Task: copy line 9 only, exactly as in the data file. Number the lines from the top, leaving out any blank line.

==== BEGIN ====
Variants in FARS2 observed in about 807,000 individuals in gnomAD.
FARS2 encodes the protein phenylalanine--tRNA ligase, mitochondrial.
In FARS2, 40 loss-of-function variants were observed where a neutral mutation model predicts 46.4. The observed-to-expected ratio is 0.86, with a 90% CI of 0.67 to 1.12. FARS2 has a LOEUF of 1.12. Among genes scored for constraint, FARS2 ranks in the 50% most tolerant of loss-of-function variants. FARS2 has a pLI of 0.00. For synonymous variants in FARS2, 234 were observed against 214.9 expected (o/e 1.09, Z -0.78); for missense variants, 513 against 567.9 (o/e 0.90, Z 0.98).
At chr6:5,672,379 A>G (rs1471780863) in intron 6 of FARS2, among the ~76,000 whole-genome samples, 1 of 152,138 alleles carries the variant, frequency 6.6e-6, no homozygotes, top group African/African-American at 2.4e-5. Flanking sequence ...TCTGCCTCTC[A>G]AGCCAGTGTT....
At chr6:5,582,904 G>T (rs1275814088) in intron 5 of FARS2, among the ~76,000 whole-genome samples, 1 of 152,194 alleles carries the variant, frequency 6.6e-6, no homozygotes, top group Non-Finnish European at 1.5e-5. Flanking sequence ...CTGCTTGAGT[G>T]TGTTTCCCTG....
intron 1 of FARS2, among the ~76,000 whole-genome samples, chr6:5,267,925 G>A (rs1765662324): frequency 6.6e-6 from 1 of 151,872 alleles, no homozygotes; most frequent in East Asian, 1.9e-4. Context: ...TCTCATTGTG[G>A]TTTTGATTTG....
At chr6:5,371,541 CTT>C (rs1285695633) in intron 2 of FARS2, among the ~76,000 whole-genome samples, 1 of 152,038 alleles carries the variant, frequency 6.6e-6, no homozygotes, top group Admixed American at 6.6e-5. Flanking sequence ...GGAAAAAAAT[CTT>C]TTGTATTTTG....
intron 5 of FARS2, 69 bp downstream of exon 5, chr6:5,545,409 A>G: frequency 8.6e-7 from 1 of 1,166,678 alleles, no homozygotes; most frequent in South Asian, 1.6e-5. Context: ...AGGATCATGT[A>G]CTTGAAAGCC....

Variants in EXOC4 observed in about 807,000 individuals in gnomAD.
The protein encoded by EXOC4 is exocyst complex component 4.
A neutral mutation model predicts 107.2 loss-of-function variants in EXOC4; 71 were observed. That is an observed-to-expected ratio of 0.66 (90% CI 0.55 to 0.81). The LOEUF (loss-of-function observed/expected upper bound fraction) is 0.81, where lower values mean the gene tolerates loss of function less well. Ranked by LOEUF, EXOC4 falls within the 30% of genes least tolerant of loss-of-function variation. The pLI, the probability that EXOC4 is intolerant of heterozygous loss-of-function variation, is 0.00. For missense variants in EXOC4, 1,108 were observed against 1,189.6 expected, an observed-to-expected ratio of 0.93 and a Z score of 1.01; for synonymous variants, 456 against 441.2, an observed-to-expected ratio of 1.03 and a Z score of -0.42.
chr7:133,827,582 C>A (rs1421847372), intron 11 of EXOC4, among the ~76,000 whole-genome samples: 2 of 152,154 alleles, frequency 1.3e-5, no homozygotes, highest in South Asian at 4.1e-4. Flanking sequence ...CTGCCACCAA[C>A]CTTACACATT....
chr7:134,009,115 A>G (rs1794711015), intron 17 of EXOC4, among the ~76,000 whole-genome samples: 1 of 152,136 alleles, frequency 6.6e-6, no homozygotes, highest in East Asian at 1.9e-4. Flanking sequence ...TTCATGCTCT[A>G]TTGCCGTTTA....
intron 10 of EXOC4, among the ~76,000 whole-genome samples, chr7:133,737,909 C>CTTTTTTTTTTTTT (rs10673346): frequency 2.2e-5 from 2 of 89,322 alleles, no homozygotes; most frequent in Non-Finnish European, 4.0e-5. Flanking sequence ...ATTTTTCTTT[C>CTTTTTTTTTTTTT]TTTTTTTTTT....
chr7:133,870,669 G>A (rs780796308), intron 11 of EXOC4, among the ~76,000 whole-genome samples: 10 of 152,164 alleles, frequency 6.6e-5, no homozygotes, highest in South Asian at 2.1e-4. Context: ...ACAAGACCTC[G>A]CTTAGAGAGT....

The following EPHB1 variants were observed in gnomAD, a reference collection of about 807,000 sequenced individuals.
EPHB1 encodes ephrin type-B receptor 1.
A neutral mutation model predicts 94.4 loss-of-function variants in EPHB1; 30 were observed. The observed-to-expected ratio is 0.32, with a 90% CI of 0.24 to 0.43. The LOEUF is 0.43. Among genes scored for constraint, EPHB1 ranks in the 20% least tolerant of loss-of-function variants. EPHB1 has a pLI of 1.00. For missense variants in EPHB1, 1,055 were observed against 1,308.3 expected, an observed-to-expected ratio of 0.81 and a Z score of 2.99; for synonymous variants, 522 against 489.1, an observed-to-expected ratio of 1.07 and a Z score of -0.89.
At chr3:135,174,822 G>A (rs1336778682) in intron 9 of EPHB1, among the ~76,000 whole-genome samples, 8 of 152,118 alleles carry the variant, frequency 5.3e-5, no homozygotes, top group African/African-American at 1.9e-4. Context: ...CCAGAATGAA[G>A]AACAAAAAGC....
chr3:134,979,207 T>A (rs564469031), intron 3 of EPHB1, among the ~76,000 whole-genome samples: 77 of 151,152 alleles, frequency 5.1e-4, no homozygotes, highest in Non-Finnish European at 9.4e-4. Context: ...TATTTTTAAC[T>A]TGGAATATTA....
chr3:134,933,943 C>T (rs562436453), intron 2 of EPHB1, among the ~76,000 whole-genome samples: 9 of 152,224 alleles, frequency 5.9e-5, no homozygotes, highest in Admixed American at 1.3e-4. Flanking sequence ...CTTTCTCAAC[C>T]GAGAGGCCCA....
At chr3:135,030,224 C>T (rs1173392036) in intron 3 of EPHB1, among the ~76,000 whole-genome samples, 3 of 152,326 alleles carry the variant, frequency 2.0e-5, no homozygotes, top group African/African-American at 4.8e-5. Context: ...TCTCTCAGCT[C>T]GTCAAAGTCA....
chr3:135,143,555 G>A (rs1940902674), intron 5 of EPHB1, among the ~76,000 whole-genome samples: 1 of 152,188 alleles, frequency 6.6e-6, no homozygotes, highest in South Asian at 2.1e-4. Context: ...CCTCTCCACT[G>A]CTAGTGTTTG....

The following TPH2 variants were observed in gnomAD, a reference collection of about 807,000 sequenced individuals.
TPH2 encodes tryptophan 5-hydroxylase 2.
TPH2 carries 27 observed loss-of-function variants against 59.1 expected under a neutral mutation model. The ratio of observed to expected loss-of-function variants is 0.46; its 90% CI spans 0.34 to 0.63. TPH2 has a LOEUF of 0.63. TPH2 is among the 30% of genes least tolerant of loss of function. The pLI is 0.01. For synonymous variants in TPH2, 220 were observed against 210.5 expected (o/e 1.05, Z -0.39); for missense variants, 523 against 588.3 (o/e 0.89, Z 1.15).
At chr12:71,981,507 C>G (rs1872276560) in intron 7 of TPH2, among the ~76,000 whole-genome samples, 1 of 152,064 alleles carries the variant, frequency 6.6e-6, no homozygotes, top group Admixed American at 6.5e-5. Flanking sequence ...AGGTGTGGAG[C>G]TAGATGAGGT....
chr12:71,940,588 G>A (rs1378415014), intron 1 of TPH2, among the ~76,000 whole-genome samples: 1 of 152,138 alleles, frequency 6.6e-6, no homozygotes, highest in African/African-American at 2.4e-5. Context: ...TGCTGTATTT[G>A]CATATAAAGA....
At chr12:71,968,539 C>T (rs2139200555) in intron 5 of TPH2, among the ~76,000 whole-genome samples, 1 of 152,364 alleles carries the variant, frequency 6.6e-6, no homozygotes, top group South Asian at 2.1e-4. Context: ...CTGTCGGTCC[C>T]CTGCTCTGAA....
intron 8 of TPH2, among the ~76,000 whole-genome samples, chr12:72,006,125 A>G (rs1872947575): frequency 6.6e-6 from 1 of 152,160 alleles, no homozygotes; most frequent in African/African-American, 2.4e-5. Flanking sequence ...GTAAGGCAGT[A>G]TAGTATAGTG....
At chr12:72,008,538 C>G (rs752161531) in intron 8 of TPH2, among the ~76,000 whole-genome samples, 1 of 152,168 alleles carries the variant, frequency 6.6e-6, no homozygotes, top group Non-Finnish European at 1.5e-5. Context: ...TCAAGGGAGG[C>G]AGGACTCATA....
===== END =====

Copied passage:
Variants in EXOC4 observed in about 807,000 individuals in gnomAD.